For the past three years, I have been monitoring the birds at the Lehigh Gap Nature Center (LGNC) near Slatington, PA. LGNC is a 750+ acre plot of land situated along the Kittatinny Rigde, which extends from southern PA to northern NJ. LGNC is part of the largest land-based superfund site east of the Mississippi River. The area in and surrounding LGNC was contaminated by the zinc smeltering by Palmerton Zinc Co. The area was devoid of vegetation and the soil was filled with heavy metals including zinc, cadmium, and lead. As the trees and other plants died, the soil and rocks eroded away, leaving a moon-scape of large bolders.
LGNC's goal was to restore this mountainside. To do this, the center planted native warm-season grasses to recreate the soil and hopefully bring life to the once lifeless landscape. The grasslands at LGNC now flourish with plant and animals life. There are now fungi, plants, and animals. Some of the most important species now using the refuge as a migration stop, wintering site, or breeding location, include Prairie Warblers, American Kestrels, Indigo Buntings, Rough-legged Hawks, Vesper Sparrows, and Eastern Bluebirds. This past summer (2008) I found nesting Blue Grosbeaks at the refuge. The pair was successful in raising a single baby. This nesting was the first confirmed breeding record of Blue Grosbeaks in Carbon County, PA and an important milestone for the LGNC.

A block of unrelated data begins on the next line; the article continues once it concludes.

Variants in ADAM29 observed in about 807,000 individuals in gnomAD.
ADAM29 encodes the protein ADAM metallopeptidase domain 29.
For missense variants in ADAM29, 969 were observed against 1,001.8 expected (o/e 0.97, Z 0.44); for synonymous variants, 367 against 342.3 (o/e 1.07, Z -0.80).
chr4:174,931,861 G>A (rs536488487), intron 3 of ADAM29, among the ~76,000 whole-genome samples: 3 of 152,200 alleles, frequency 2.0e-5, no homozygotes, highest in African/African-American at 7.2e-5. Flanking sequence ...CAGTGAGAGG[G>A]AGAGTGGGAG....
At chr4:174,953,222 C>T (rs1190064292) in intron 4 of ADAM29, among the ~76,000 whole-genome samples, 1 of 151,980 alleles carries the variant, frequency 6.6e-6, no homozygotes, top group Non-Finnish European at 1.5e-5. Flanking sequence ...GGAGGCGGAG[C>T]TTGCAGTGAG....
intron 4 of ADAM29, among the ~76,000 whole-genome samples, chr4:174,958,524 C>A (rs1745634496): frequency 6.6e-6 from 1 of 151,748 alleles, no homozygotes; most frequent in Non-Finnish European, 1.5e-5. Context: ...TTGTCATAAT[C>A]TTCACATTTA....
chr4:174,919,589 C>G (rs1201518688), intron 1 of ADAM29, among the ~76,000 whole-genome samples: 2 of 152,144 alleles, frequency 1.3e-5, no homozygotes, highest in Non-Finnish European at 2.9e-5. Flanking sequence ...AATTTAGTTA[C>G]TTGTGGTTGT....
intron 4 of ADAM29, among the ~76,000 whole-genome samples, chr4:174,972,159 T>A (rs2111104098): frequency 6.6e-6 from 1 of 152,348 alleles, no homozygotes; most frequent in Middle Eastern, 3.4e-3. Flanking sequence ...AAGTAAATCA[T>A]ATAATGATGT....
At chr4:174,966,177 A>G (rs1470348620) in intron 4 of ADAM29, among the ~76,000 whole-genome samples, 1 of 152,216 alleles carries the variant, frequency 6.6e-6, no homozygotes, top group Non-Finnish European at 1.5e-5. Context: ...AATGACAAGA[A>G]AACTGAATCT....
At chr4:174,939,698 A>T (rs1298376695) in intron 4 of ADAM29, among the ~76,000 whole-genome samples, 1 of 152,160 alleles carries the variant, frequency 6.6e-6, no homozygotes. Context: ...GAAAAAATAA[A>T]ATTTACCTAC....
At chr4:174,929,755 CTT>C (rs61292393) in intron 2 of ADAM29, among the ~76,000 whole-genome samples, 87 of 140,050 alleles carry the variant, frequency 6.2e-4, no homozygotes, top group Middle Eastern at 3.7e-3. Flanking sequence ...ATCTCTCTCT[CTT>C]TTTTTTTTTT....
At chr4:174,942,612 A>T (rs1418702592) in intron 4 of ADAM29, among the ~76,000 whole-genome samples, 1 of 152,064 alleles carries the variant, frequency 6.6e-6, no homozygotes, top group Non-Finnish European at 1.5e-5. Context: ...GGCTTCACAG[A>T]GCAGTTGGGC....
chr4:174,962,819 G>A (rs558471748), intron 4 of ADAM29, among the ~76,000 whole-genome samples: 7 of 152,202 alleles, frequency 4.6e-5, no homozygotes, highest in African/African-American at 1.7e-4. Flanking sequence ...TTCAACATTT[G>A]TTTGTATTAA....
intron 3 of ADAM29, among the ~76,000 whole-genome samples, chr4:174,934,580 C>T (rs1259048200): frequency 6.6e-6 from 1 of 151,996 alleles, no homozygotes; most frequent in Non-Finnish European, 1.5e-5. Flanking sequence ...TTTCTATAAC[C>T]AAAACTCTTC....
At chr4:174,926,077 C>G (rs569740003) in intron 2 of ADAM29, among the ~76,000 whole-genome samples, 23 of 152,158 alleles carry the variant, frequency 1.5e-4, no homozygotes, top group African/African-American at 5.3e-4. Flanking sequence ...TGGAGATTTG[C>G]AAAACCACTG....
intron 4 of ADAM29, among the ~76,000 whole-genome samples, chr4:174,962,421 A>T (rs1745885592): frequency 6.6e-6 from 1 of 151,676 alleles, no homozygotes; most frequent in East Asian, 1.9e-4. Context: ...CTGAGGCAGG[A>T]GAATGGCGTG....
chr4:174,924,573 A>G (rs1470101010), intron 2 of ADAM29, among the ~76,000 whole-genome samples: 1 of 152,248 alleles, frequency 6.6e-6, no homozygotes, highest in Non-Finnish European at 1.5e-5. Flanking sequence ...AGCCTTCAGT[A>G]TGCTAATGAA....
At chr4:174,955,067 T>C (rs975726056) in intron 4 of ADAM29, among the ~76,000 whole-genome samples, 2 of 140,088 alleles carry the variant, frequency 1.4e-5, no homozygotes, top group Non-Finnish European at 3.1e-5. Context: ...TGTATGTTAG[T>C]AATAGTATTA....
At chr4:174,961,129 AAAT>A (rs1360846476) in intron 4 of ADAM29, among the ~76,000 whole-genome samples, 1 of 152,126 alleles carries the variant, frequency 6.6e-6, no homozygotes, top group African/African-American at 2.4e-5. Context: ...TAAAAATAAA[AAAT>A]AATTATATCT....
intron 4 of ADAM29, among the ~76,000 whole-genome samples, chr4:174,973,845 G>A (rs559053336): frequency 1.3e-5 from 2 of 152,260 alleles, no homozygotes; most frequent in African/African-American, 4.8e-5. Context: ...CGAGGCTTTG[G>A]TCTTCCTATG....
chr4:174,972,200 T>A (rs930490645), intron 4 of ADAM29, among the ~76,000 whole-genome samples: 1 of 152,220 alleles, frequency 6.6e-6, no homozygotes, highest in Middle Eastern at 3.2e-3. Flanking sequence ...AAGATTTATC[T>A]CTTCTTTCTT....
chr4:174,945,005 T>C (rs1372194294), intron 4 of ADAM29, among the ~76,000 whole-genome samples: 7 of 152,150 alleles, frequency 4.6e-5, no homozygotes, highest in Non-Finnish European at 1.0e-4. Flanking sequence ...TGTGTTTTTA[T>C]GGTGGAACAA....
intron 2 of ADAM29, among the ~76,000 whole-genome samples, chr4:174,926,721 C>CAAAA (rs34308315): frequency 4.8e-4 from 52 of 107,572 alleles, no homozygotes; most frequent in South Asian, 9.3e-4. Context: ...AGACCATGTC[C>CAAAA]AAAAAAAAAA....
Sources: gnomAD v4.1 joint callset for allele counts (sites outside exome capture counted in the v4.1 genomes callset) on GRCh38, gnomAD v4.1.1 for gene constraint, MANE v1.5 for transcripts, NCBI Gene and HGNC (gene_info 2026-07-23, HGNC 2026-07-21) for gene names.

The refuge consists of scrub habitat, a native plant garden, restored grassland, riparian zone, the Lehigh River, a natural savannah (or savanna), deciduous forests, ponds, and wetlands. The refuge is open to the public from dawn to dusk.
For more information about the LGNC and a calendar of events and programs, visit www.lgnc.org
This past weekend, on my survey, I found 25 species. We saw mainly common winter birds, but did find 120 Pine Siskins, 8 Common Mergansers, 4500 Snow Geese (fly overs), and two male White-winged Crossbills.